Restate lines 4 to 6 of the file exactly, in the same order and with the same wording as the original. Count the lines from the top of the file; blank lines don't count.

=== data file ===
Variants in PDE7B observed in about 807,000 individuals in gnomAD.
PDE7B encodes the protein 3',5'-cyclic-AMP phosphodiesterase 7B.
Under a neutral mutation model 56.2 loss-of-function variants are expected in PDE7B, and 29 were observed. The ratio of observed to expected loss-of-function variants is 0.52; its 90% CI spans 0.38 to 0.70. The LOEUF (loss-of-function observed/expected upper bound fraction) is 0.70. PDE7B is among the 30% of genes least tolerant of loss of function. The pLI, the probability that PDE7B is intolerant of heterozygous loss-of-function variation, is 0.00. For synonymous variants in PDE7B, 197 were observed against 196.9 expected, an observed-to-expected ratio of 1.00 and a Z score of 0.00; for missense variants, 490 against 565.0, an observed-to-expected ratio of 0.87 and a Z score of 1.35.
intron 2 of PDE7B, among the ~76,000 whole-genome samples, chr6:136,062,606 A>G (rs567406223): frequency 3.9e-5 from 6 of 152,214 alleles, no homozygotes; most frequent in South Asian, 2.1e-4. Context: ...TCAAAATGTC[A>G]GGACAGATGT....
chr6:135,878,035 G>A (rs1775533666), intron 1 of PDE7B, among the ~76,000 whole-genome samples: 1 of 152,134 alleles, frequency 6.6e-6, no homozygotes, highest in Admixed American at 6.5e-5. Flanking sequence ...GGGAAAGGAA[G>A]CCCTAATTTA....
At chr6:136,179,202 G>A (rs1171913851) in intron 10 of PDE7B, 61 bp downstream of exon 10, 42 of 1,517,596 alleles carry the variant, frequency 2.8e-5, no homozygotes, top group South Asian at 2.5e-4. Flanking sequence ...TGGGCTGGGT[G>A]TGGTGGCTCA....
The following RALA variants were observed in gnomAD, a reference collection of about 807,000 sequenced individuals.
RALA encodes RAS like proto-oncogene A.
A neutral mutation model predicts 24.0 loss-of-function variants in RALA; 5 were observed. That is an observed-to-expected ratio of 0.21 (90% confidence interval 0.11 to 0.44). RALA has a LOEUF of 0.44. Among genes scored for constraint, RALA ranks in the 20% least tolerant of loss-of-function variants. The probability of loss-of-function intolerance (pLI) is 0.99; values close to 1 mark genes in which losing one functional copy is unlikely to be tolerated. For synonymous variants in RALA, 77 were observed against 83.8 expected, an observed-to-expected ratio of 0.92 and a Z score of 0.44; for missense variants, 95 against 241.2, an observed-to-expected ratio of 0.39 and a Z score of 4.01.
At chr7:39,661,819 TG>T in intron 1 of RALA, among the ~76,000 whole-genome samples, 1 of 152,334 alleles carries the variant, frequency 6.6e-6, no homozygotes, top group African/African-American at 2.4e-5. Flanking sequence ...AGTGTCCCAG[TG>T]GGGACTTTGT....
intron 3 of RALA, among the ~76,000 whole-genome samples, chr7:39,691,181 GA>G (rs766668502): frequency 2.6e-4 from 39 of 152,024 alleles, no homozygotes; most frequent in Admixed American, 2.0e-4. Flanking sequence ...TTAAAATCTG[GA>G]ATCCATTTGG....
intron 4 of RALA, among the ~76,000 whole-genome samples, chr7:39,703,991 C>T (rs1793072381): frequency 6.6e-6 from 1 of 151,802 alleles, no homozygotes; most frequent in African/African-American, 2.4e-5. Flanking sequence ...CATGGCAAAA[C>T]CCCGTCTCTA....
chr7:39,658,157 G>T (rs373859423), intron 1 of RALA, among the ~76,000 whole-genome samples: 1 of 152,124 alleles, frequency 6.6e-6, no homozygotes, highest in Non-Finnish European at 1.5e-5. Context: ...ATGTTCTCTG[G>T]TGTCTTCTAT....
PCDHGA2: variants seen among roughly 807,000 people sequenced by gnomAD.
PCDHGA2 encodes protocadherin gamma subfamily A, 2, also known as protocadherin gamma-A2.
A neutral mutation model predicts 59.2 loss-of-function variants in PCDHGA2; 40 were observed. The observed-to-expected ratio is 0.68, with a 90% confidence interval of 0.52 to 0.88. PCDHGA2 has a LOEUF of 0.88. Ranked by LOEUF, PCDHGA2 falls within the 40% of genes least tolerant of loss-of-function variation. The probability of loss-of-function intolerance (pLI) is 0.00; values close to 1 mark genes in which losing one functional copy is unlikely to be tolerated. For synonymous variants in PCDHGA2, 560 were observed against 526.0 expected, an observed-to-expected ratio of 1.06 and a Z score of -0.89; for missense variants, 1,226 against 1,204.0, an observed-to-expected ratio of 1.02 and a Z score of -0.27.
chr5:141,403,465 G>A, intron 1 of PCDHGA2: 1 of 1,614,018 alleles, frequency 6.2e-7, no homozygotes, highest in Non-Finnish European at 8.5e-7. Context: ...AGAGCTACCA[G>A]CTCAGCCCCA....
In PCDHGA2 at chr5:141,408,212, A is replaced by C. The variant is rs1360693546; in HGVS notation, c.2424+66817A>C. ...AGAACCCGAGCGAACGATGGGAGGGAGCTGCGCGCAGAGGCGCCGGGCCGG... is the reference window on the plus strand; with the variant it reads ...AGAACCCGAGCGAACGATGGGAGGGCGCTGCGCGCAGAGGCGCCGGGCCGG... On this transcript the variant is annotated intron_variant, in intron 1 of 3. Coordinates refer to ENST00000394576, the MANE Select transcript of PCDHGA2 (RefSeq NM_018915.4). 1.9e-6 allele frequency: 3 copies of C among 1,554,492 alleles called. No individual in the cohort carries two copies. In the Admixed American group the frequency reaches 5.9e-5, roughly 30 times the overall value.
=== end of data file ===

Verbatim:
intron 2 of PDE7B, among the ~76,000 whole-genome samples, chr6:136,062,606 A>G (rs567406223): frequency 3.9e-5 from 6 of 152,214 alleles, no homozygotes; most frequent in South Asian, 2.1e-4. Context: ...TCAAAATGTC[A>G]GGACAGATGT....
chr6:135,878,035 G>A (rs1775533666), intron 1 of PDE7B, among the ~76,000 whole-genome samples: 1 of 152,134 alleles, frequency 6.6e-6, no homozygotes, highest in Admixed American at 6.5e-5. Flanking sequence ...GGGAAAGGAA[G>A]CCCTAATTTA....
At chr6:136,179,202 G>A (rs1171913851) in intron 10 of PDE7B, 61 bp downstream of exon 10, 42 of 1,517,596 alleles carry the variant, frequency 2.8e-5, no homozygotes, top group South Asian at 2.5e-4. Flanking sequence ...TGGGCTGGGT[G>A]TGGTGGCTCA....